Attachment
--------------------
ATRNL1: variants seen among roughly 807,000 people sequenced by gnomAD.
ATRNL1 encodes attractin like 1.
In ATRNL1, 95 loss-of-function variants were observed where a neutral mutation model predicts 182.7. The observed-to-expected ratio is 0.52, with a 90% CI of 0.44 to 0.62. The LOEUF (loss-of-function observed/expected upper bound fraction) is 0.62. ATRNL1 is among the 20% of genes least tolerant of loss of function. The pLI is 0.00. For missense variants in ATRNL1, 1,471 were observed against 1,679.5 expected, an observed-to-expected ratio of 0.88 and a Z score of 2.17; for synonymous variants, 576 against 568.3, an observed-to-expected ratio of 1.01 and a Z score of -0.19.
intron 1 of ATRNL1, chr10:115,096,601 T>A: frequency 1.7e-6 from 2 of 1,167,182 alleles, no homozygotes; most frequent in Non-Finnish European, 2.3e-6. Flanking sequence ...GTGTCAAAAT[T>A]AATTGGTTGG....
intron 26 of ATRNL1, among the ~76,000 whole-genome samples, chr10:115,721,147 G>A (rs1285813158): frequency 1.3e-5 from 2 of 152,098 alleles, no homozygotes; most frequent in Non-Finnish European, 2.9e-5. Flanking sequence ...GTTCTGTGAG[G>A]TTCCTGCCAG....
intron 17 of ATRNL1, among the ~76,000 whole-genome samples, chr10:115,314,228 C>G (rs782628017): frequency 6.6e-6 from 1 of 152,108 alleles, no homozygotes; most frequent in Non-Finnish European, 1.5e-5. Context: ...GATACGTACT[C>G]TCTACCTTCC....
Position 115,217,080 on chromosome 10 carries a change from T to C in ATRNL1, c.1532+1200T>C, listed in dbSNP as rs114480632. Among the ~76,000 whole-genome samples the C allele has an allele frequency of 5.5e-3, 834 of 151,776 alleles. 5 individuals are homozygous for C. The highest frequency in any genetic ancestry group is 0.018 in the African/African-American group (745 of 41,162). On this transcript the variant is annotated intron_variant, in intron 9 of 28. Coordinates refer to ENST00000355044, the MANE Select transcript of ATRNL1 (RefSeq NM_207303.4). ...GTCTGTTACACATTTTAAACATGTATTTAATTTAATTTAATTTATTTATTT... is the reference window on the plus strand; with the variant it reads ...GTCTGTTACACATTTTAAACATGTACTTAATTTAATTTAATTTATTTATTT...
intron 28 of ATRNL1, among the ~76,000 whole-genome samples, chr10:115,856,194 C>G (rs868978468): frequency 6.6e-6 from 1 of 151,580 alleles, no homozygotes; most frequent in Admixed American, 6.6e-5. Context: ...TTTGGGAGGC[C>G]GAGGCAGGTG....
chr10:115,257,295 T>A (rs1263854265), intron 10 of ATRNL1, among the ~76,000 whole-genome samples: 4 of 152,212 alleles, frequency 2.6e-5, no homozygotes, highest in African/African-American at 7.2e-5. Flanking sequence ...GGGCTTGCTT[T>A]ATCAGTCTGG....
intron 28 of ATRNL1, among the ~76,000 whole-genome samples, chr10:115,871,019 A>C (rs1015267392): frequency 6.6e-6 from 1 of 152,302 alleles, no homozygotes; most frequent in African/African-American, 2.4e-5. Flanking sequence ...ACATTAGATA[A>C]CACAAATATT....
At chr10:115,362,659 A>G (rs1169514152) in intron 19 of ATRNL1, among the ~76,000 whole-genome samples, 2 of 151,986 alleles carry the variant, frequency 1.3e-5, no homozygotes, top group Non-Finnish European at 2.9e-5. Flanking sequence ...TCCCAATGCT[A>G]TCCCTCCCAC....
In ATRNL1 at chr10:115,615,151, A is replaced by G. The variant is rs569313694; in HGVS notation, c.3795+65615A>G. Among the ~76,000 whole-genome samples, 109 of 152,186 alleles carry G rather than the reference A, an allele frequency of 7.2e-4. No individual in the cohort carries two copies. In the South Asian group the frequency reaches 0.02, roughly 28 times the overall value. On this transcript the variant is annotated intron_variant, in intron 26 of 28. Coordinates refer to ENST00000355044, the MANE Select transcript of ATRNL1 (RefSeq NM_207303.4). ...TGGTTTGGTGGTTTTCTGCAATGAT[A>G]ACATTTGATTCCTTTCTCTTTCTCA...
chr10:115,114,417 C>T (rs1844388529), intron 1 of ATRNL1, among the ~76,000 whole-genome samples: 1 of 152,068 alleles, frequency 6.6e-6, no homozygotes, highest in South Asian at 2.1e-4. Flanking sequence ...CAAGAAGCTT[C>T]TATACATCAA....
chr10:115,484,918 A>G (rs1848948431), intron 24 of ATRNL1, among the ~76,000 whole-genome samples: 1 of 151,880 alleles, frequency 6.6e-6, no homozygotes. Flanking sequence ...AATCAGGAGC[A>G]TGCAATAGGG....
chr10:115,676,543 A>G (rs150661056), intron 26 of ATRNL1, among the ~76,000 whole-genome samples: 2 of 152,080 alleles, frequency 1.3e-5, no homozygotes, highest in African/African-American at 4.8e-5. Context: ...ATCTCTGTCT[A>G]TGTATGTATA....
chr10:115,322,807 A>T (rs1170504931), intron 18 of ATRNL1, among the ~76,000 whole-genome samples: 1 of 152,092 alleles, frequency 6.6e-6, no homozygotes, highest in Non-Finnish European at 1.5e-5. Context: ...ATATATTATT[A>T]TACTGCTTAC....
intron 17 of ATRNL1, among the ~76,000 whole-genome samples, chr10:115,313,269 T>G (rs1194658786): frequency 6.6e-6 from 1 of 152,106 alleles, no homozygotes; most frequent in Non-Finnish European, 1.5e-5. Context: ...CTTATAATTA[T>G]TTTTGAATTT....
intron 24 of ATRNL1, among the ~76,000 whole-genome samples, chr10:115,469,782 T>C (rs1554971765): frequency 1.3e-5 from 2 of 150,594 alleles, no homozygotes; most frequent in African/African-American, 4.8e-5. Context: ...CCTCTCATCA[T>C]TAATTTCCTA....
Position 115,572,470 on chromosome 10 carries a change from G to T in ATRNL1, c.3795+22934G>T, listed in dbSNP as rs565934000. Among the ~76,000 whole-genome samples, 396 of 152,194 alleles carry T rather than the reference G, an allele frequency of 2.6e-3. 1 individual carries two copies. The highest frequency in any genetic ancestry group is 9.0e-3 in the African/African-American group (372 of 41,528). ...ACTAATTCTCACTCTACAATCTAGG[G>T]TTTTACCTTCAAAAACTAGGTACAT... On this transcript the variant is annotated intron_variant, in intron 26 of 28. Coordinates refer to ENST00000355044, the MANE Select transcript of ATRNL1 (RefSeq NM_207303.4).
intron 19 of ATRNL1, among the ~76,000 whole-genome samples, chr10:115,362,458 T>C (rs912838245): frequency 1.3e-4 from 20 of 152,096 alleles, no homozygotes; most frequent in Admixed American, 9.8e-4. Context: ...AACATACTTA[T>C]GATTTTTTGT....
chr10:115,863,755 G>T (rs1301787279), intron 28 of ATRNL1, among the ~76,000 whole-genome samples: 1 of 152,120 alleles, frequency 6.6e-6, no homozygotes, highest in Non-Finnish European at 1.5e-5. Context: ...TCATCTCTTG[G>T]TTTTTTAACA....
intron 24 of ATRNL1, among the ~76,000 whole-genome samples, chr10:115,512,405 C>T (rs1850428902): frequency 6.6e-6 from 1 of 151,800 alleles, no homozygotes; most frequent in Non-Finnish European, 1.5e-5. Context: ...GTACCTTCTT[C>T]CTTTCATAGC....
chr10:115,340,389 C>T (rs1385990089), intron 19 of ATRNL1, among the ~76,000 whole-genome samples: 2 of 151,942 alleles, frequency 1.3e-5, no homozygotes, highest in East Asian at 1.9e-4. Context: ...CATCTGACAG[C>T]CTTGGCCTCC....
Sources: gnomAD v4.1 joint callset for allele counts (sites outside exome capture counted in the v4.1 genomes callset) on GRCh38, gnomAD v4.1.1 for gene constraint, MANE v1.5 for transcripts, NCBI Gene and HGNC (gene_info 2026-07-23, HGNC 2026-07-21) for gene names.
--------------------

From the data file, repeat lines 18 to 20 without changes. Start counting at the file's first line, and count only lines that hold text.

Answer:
intron 24 of ATRNL1, among the ~76,000 whole-genome samples, chr10:115,469,782 T>C (rs1554971765): frequency 1.3e-5 from 2 of 150,594 alleles, no homozygotes; most frequent in African/African-American, 4.8e-5. Context: ...CCTCTCATCA[T>C]TAATTTCCTA....
Position 115,572,470 on chromosome 10 carries a change from G to T in ATRNL1, c.3795+22934G>T, listed in dbSNP as rs565934000. Among the ~76,000 whole-genome samples, 396 of 152,194 alleles carry T rather than the reference G, an allele frequency of 2.6e-3. 1 individual carries two copies. The highest frequency in any genetic ancestry group is 9.0e-3 in the African/African-American group (372 of 41,528). ...ACTAATTCTCACTCTACAATCTAGG[G>T]TTTTACCTTCAAAAACTAGGTACAT... On this transcript the variant is annotated intron_variant, in intron 26 of 28. Coordinates refer to ENST00000355044, the MANE Select transcript of ATRNL1 (RefSeq NM_207303.4).
intron 19 of ATRNL1, among the ~76,000 whole-genome samples, chr10:115,362,458 T>C (rs912838245): frequency 1.3e-4 from 20 of 152,096 alleles, no homozygotes; most frequent in Admixed American, 9.8e-4. Context: ...AACATACTTA[T>C]GATTTTTTGT....